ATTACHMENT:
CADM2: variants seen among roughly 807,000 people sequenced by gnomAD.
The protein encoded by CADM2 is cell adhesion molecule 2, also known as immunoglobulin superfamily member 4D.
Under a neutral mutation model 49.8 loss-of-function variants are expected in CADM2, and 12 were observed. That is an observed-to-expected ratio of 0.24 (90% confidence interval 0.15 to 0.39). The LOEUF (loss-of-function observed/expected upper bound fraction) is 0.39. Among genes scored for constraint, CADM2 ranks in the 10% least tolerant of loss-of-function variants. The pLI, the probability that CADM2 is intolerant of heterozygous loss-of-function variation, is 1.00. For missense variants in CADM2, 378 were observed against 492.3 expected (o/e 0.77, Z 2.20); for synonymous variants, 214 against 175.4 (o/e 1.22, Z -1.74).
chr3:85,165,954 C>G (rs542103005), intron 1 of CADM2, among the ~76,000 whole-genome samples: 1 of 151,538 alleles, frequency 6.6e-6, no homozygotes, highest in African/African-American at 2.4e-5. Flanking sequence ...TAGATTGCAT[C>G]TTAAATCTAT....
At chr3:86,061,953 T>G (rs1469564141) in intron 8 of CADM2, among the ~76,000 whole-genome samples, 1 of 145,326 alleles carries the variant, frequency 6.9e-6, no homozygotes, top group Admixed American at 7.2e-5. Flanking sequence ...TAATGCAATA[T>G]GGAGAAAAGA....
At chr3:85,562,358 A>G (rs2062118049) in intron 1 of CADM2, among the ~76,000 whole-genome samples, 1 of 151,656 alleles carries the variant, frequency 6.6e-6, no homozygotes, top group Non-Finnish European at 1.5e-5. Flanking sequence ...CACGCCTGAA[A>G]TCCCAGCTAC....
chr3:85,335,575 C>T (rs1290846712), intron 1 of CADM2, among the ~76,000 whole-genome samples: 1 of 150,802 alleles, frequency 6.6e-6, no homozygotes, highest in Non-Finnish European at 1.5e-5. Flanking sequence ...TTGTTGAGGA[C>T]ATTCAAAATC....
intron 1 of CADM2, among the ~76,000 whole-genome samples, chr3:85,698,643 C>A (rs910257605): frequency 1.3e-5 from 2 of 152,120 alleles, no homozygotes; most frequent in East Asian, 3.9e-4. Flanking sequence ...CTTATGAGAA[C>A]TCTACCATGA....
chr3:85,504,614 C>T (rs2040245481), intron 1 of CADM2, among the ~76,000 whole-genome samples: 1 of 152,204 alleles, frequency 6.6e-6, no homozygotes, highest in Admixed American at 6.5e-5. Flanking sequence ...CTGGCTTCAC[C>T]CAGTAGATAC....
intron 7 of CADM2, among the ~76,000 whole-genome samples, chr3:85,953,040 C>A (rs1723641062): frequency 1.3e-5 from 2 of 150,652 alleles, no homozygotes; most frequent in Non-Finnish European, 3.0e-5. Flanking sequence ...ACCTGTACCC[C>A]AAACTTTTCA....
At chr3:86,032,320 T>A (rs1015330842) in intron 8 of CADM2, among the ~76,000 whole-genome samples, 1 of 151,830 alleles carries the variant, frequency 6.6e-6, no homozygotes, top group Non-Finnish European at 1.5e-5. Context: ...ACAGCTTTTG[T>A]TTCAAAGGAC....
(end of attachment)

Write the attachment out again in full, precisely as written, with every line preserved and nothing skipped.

CADM2: variants seen among roughly 807,000 people sequenced by gnomAD.
The protein encoded by CADM2 is cell adhesion molecule 2, also known as immunoglobulin superfamily member 4D.
Under a neutral mutation model 49.8 loss-of-function variants are expected in CADM2, and 12 were observed. That is an observed-to-expected ratio of 0.24 (90% confidence interval 0.15 to 0.39). The LOEUF (loss-of-function observed/expected upper bound fraction) is 0.39. Among genes scored for constraint, CADM2 ranks in the 10% least tolerant of loss-of-function variants. The pLI, the probability that CADM2 is intolerant of heterozygous loss-of-function variation, is 1.00. For missense variants in CADM2, 378 were observed against 492.3 expected (o/e 0.77, Z 2.20); for synonymous variants, 214 against 175.4 (o/e 1.22, Z -1.74).
chr3:85,165,954 C>G (rs542103005), intron 1 of CADM2, among the ~76,000 whole-genome samples: 1 of 151,538 alleles, frequency 6.6e-6, no homozygotes, highest in African/African-American at 2.4e-5. Flanking sequence ...TAGATTGCAT[C>G]TTAAATCTAT....
At chr3:86,061,953 T>G (rs1469564141) in intron 8 of CADM2, among the ~76,000 whole-genome samples, 1 of 145,326 alleles carries the variant, frequency 6.9e-6, no homozygotes, top group Admixed American at 7.2e-5. Flanking sequence ...TAATGCAATA[T>G]GGAGAAAAGA....
At chr3:85,562,358 A>G (rs2062118049) in intron 1 of CADM2, among the ~76,000 whole-genome samples, 1 of 151,656 alleles carries the variant, frequency 6.6e-6, no homozygotes, top group Non-Finnish European at 1.5e-5. Flanking sequence ...CACGCCTGAA[A>G]TCCCAGCTAC....
chr3:85,335,575 C>T (rs1290846712), intron 1 of CADM2, among the ~76,000 whole-genome samples: 1 of 150,802 alleles, frequency 6.6e-6, no homozygotes, highest in Non-Finnish European at 1.5e-5. Flanking sequence ...TTGTTGAGGA[C>T]ATTCAAAATC....
intron 1 of CADM2, among the ~76,000 whole-genome samples, chr3:85,698,643 C>A (rs910257605): frequency 1.3e-5 from 2 of 152,120 alleles, no homozygotes; most frequent in East Asian, 3.9e-4. Flanking sequence ...CTTATGAGAA[C>A]TCTACCATGA....
chr3:85,504,614 C>T (rs2040245481), intron 1 of CADM2, among the ~76,000 whole-genome samples: 1 of 152,204 alleles, frequency 6.6e-6, no homozygotes, highest in Admixed American at 6.5e-5. Flanking sequence ...CTGGCTTCAC[C>T]CAGTAGATAC....
intron 7 of CADM2, among the ~76,000 whole-genome samples, chr3:85,953,040 C>A (rs1723641062): frequency 1.3e-5 from 2 of 150,652 alleles, no homozygotes; most frequent in Non-Finnish European, 3.0e-5. Flanking sequence ...ACCTGTACCC[C>A]AAACTTTTCA....
At chr3:86,032,320 T>A (rs1015330842) in intron 8 of CADM2, among the ~76,000 whole-genome samples, 1 of 151,830 alleles carries the variant, frequency 6.6e-6, no homozygotes, top group Non-Finnish European at 1.5e-5. Context: ...ACAGCTTTTG[T>A]TTCAAAGGAC....